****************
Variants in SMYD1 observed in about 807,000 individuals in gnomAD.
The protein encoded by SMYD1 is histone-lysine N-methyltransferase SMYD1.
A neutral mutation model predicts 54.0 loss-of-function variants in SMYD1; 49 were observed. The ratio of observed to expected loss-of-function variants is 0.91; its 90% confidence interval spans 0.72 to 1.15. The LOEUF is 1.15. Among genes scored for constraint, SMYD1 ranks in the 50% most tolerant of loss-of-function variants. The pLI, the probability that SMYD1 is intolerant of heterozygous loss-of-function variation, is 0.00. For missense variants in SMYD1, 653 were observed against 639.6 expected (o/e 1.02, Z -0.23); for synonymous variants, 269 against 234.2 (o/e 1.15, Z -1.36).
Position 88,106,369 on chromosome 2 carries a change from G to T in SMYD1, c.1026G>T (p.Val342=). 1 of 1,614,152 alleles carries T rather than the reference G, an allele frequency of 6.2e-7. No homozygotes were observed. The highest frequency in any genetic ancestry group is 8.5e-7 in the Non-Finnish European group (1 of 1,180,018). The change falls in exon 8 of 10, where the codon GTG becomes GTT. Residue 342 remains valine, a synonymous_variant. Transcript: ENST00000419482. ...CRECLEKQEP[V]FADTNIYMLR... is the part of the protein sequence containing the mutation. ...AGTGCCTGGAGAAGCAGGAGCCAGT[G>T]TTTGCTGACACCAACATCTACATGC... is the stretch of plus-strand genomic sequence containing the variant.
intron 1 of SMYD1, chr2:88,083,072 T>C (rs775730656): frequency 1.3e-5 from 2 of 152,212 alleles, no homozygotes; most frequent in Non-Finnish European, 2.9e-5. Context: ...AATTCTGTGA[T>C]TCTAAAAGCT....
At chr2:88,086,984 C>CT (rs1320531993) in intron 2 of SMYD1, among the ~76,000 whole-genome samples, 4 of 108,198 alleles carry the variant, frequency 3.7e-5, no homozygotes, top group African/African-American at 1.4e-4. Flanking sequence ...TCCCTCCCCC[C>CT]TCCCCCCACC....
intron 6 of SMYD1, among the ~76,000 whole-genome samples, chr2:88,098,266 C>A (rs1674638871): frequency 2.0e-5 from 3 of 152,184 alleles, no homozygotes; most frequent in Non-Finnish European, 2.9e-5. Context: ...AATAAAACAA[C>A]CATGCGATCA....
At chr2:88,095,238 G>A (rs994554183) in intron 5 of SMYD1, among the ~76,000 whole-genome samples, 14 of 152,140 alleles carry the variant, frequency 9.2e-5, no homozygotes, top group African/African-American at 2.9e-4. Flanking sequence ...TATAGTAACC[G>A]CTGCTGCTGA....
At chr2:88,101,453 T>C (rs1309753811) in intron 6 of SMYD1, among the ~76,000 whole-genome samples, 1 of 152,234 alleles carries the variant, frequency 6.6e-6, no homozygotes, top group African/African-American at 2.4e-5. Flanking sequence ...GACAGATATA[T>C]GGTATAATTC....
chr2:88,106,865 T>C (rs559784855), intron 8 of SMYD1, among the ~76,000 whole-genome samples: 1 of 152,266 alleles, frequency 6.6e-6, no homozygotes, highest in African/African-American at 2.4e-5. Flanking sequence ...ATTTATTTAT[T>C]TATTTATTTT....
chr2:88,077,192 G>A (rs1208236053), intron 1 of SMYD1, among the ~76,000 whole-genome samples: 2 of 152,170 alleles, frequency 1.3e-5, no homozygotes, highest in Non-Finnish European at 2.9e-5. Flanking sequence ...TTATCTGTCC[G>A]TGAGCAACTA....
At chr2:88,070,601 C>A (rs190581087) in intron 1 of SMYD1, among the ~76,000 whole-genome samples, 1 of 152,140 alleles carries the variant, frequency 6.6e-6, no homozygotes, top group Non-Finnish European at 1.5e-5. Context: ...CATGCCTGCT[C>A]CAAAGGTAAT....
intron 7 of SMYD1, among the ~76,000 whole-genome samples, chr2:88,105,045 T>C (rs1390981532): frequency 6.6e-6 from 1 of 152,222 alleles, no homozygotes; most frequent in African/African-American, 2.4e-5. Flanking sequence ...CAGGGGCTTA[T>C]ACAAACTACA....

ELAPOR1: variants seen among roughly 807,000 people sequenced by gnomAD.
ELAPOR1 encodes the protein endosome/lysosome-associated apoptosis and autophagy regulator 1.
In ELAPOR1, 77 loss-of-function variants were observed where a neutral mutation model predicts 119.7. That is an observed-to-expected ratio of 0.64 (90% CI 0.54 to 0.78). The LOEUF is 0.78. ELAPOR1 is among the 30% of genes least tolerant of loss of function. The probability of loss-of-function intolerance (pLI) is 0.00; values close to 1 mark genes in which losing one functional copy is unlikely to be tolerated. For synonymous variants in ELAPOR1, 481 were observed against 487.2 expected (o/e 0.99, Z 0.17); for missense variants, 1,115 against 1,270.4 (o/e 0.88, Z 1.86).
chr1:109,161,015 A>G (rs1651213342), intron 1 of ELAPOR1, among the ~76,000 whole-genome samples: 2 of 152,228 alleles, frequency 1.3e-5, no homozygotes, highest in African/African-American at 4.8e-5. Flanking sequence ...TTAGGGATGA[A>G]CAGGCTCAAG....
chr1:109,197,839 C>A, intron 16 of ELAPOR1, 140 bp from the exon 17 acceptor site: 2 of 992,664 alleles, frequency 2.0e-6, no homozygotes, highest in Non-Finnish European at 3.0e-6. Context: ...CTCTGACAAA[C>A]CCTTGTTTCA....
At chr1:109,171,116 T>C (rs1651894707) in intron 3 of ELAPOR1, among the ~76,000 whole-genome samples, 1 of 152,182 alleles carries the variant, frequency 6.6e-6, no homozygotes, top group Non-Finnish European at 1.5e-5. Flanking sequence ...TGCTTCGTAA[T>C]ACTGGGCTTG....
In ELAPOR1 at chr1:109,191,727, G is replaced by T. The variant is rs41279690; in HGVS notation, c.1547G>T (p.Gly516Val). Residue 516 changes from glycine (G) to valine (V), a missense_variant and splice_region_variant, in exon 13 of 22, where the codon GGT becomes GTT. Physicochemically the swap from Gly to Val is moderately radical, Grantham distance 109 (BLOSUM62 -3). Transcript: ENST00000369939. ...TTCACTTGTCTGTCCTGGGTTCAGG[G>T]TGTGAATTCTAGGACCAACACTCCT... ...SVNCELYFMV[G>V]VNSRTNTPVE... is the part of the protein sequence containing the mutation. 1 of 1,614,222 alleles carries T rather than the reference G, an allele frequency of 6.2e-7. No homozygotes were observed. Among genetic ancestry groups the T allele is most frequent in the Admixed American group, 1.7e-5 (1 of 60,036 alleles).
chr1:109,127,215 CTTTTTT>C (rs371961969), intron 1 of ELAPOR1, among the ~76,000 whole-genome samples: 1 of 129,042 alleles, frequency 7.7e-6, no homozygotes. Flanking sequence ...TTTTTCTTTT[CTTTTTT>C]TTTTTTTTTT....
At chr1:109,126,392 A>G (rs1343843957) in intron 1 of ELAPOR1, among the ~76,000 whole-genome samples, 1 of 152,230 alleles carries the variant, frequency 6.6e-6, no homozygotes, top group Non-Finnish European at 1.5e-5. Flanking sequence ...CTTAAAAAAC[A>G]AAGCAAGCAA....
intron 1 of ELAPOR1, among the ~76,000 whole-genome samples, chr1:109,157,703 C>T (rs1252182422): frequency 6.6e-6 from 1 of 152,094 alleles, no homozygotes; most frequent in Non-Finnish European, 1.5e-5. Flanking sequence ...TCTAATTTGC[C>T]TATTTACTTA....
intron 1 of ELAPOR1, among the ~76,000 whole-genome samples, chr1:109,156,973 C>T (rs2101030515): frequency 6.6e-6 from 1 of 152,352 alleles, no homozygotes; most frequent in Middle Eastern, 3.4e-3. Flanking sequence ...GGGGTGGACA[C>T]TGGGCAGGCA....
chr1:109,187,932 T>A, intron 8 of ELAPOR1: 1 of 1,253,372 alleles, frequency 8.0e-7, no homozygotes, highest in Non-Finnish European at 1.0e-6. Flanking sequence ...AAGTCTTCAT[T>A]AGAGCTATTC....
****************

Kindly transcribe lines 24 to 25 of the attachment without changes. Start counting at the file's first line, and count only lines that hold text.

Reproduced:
intron 1 of ELAPOR1, among the ~76,000 whole-genome samples, chr1:109,156,973 C>T (rs2101030515): frequency 6.6e-6 from 1 of 152,352 alleles, no homozygotes; most frequent in Middle Eastern, 3.4e-3. Flanking sequence ...GGGGTGGACA[C>T]TGGGCAGGCA....
chr1:109,187,932 T>A, intron 8 of ELAPOR1: 1 of 1,253,372 alleles, frequency 8.0e-7, no homozygotes, highest in Non-Finnish European at 1.0e-6. Flanking sequence ...AAGTCTTCAT[T>A]AGAGCTATTC....